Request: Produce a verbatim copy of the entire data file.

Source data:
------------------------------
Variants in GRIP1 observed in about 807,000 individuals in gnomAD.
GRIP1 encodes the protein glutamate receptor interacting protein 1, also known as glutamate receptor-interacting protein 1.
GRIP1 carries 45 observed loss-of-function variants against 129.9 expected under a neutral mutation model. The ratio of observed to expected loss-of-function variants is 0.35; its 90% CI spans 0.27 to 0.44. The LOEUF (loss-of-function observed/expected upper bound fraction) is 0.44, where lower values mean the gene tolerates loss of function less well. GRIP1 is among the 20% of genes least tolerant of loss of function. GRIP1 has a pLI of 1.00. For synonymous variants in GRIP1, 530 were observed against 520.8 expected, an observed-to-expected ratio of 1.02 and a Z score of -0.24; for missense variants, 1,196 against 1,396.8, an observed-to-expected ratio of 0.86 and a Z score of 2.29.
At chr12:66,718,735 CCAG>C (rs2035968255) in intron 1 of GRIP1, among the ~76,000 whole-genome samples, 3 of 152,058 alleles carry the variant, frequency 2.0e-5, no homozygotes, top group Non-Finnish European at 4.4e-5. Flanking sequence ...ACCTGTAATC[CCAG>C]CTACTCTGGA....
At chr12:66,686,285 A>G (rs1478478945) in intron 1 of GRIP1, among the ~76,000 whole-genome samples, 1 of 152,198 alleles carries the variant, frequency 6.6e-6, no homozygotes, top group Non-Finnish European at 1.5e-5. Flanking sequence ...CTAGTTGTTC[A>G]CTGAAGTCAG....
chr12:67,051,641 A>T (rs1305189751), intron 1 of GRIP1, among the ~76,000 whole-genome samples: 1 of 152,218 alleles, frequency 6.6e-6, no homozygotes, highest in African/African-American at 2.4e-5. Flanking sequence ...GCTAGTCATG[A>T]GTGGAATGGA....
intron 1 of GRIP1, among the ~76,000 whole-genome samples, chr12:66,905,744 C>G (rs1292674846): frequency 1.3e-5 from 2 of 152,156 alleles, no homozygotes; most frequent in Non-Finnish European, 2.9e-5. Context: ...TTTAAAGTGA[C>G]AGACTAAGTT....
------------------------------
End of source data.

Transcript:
Variants in GRIP1 observed in about 807,000 individuals in gnomAD.
GRIP1 encodes the protein glutamate receptor interacting protein 1, also known as glutamate receptor-interacting protein 1.
GRIP1 carries 45 observed loss-of-function variants against 129.9 expected under a neutral mutation model. The ratio of observed to expected loss-of-function variants is 0.35; its 90% CI spans 0.27 to 0.44. The LOEUF (loss-of-function observed/expected upper bound fraction) is 0.44, where lower values mean the gene tolerates loss of function less well. GRIP1 is among the 20% of genes least tolerant of loss of function. GRIP1 has a pLI of 1.00. For synonymous variants in GRIP1, 530 were observed against 520.8 expected, an observed-to-expected ratio of 1.02 and a Z score of -0.24; for missense variants, 1,196 against 1,396.8, an observed-to-expected ratio of 0.86 and a Z score of 2.29.
At chr12:66,718,735 CCAG>C (rs2035968255) in intron 1 of GRIP1, among the ~76,000 whole-genome samples, 3 of 152,058 alleles carry the variant, frequency 2.0e-5, no homozygotes, top group Non-Finnish European at 4.4e-5. Flanking sequence ...ACCTGTAATC[CCAG>C]CTACTCTGGA....
At chr12:66,686,285 A>G (rs1478478945) in intron 1 of GRIP1, among the ~76,000 whole-genome samples, 1 of 152,198 alleles carries the variant, frequency 6.6e-6, no homozygotes, top group Non-Finnish European at 1.5e-5. Flanking sequence ...CTAGTTGTTC[A>G]CTGAAGTCAG....
chr12:67,051,641 A>T (rs1305189751), intron 1 of GRIP1, among the ~76,000 whole-genome samples: 1 of 152,218 alleles, frequency 6.6e-6, no homozygotes, highest in African/African-American at 2.4e-5. Flanking sequence ...GCTAGTCATG[A>T]GTGGAATGGA....
intron 1 of GRIP1, among the ~76,000 whole-genome samples, chr12:66,905,744 C>G (rs1292674846): frequency 1.3e-5 from 2 of 152,156 alleles, no homozygotes; most frequent in Non-Finnish European, 2.9e-5. Context: ...TTTAAAGTGA[C>G]AGACTAAGTT....